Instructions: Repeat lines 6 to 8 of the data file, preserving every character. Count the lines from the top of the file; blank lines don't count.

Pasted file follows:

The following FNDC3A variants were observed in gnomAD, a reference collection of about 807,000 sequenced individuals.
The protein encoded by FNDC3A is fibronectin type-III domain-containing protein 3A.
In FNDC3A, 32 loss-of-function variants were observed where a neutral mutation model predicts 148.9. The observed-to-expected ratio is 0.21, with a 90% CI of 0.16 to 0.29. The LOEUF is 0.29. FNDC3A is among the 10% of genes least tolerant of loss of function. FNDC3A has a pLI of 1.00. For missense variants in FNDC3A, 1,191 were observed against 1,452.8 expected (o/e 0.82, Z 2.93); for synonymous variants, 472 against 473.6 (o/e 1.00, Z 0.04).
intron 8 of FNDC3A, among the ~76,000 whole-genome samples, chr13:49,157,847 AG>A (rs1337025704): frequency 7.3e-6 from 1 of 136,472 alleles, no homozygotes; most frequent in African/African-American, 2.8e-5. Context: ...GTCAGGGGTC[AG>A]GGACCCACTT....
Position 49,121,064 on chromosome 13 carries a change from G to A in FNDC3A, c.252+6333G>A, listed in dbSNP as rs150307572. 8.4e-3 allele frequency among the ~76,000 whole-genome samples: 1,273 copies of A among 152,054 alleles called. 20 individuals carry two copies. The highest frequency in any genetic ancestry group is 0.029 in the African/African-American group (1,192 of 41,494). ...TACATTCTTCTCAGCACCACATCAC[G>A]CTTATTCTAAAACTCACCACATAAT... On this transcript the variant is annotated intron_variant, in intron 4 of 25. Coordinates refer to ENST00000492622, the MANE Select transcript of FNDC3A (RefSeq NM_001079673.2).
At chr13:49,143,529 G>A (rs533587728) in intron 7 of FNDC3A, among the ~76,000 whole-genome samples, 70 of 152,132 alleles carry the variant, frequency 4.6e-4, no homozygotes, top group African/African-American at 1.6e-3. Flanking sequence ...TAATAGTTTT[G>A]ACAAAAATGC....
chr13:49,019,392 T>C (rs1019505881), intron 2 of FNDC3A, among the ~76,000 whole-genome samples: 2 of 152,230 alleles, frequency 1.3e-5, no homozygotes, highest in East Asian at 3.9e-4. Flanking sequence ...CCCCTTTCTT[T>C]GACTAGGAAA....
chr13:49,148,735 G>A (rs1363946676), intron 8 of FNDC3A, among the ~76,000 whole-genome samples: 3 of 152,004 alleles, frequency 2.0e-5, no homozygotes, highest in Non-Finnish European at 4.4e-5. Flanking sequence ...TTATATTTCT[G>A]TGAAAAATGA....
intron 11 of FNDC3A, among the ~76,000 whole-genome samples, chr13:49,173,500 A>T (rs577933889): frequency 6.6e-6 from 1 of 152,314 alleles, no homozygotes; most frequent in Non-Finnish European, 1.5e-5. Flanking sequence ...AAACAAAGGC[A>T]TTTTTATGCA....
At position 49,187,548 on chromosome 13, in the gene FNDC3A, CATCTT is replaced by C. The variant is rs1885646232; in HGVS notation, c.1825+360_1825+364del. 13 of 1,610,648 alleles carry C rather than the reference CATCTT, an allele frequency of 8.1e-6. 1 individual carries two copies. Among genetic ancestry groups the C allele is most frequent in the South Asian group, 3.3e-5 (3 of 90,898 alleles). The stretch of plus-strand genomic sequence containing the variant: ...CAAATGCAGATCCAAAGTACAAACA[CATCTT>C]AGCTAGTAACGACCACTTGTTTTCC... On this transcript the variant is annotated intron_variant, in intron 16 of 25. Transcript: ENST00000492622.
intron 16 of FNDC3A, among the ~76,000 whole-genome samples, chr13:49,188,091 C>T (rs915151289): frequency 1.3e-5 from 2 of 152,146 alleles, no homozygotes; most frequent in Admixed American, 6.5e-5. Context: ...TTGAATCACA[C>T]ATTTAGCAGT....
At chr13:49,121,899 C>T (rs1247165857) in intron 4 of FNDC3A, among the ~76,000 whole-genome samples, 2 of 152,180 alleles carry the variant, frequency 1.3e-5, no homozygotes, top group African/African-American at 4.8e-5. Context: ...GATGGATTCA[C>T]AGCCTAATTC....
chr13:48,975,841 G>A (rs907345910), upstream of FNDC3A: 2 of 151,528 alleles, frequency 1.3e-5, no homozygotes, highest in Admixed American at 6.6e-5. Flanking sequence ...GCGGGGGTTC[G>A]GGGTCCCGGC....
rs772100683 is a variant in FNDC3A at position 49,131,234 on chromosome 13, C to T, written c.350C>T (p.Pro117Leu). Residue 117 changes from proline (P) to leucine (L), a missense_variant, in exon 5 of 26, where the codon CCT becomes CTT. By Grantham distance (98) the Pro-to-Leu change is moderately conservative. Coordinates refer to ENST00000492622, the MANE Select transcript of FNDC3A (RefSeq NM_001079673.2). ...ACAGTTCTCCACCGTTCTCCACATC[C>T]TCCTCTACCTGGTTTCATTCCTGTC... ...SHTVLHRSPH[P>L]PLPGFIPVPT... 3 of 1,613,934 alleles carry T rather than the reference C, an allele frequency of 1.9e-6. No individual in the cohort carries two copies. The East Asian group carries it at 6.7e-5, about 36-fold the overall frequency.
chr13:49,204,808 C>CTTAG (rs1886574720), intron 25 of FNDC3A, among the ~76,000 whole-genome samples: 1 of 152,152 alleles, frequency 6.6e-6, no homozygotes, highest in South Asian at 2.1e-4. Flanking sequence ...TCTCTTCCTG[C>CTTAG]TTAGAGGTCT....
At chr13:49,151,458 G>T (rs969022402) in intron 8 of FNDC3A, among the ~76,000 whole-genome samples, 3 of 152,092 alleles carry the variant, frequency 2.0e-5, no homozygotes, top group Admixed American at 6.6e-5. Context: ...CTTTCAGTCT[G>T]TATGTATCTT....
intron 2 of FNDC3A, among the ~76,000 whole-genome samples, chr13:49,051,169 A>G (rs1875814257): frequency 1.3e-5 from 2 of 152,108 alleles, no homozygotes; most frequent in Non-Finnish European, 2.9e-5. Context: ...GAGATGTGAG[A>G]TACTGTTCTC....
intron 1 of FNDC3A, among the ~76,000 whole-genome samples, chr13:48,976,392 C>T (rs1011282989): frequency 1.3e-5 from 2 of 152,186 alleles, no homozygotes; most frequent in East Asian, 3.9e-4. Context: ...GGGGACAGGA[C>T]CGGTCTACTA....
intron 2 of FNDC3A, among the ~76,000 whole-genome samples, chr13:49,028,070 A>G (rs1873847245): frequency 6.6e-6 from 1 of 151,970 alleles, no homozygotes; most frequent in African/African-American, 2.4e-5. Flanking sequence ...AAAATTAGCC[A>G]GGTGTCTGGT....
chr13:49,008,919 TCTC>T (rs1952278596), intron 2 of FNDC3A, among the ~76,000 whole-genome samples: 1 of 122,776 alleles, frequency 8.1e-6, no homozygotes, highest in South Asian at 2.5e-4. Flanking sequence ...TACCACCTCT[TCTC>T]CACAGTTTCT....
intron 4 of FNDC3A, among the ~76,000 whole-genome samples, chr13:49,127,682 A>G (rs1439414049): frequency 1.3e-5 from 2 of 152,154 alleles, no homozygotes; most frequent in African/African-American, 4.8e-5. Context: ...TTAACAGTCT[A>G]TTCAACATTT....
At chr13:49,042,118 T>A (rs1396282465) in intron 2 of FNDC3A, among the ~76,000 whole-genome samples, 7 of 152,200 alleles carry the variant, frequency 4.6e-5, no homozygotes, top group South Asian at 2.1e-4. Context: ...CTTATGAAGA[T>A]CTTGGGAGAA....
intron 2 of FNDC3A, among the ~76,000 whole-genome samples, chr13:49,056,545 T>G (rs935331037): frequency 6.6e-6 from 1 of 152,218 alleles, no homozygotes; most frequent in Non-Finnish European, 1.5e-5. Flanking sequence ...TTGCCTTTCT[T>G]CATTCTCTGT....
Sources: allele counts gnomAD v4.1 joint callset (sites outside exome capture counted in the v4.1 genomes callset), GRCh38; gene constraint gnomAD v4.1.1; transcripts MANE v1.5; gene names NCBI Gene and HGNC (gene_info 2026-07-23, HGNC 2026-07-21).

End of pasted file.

At chr13:49,143,529 G>A (rs533587728) in intron 7 of FNDC3A, among the ~76,000 whole-genome samples, 70 of 152,132 alleles carry the variant, frequency 4.6e-4, no homozygotes, top group African/African-American at 1.6e-3. Flanking sequence ...TAATAGTTTT[G>A]ACAAAAATGC....
chr13:49,019,392 T>C (rs1019505881), intron 2 of FNDC3A, among the ~76,000 whole-genome samples: 2 of 152,230 alleles, frequency 1.3e-5, no homozygotes, highest in East Asian at 3.9e-4. Flanking sequence ...CCCCTTTCTT[T>C]GACTAGGAAA....
chr13:49,148,735 G>A (rs1363946676), intron 8 of FNDC3A, among the ~76,000 whole-genome samples: 3 of 152,004 alleles, frequency 2.0e-5, no homozygotes, highest in Non-Finnish European at 4.4e-5. Flanking sequence ...TTATATTTCT[G>A]TGAAAAATGA....